HOLLEBEKE and PALINGBEEK

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palingbeek

palingbeek

palingbeek

palingbeek

palingbeek

palingbeek

palingbeek

palingbeek

palingbeek

palingbeek

palingbeek

palingbeek

palingbeek

palingbeek

palingbeek

palingbeek

palingbeek

palingbeek

palingbeek

palingbeek

hollebeke

While the village of Hollebeke, its Chateau, and the railway line fell into German hands at the end of October 1914 along with much of the area surrounding Ypres, the banks of the canal remained in British hands for most of the War. The boggy ground adjacent to the canal was subject to constant shelling and undermining. The high bank at the Bluff was the highest ground held by the British in the area and was crucial in providing some ability to dominate the surrounding land. Unfortunately it was lost in the German spring advance of 1918 when the line came very close indeed to Ypres.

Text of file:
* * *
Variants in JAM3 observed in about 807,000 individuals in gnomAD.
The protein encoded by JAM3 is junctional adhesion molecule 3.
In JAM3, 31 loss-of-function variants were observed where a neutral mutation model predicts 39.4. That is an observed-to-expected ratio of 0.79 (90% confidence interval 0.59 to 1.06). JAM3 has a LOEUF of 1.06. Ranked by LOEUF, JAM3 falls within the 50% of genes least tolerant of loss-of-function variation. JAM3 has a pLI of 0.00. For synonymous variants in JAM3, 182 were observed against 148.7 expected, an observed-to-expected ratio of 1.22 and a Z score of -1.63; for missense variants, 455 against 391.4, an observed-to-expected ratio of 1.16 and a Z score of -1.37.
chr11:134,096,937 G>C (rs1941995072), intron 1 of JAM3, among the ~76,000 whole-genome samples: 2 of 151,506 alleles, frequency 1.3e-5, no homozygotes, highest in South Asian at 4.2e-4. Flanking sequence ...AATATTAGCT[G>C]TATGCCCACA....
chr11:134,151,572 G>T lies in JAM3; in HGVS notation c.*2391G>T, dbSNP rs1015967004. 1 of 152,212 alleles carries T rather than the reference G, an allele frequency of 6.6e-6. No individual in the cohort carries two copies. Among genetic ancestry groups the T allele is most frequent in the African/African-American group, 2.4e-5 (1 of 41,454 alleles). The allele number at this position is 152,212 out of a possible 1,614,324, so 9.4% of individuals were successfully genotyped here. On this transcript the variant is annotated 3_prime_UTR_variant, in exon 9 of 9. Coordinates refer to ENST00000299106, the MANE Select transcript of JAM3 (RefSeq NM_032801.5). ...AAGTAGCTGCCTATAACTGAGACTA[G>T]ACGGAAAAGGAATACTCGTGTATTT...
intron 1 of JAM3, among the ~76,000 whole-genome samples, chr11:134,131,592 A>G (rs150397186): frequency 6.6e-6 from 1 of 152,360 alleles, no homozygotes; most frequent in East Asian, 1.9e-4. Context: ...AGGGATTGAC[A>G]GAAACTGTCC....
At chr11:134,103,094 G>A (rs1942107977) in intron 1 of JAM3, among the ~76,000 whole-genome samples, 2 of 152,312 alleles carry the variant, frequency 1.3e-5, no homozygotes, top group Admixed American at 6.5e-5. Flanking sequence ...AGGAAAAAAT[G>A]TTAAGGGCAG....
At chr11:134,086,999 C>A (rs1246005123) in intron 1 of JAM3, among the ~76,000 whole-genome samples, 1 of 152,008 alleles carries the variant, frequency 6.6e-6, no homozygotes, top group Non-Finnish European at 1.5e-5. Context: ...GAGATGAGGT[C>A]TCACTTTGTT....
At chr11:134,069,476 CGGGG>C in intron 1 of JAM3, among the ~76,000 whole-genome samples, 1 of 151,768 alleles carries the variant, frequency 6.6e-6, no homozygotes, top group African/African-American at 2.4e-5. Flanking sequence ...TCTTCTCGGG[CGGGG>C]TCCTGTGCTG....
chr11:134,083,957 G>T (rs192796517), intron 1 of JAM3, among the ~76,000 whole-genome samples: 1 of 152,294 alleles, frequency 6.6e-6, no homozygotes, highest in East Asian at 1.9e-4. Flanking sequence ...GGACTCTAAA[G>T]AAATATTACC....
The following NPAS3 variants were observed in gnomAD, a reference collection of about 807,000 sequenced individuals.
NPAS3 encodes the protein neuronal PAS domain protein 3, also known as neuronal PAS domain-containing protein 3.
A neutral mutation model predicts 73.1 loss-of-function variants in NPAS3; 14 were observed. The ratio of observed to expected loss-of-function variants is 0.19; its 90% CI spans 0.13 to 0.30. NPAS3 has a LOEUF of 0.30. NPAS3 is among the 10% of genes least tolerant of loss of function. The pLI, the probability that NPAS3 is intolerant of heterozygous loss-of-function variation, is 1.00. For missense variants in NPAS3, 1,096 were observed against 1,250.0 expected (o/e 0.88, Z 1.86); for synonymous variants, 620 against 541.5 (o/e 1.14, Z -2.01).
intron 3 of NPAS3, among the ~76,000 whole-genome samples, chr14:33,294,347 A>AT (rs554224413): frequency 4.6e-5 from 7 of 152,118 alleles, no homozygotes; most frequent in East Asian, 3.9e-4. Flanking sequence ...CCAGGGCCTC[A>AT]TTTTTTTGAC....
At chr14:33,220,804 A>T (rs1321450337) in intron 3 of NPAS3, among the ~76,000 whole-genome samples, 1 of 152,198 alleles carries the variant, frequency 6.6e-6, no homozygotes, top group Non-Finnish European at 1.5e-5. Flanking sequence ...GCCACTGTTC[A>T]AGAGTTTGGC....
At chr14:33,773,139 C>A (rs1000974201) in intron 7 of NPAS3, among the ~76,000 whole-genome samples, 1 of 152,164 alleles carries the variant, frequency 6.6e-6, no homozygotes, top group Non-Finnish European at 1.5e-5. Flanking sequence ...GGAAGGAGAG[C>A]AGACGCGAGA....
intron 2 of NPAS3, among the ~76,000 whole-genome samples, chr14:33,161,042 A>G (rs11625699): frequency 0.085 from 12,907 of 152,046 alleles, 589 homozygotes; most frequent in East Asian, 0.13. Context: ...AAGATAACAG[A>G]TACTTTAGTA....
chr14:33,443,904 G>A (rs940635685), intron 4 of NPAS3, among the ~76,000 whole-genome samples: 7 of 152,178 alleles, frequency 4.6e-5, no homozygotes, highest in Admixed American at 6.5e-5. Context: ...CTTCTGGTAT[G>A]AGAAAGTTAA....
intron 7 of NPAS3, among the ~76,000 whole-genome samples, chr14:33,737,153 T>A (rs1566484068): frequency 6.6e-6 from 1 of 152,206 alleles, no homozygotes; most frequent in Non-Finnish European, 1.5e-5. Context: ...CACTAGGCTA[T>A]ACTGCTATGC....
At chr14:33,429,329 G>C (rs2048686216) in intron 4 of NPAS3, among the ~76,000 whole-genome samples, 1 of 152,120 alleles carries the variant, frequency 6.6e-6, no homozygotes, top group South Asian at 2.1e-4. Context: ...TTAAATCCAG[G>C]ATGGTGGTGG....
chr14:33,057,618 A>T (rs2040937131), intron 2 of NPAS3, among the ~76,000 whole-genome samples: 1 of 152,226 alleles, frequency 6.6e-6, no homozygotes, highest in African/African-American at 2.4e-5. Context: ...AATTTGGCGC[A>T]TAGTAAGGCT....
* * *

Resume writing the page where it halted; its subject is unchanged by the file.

While the village of Hollebeke is now a modern and completely redeveloped area, the canal has never seen use since the war. This section of the canal forms the Palingbeek Provinciaal Domein, a recreational area popular with joggers at all times of the day and extremely popular with the citizens of Ypres for a Sunday afternoon family walk. There are a few stretches of water, and some ruined locks choked with trees and reeds.

Sheltering behind the railway embankment at the Hollebeke, eastern, end of the Palingbeek reserve is a line of German bunkers. These originally were connected by tunnels to defensive positions on the western side of the embankment facing the British positions. They are now broken and overgrown and lying in stagnant lagoons full of vegetation.

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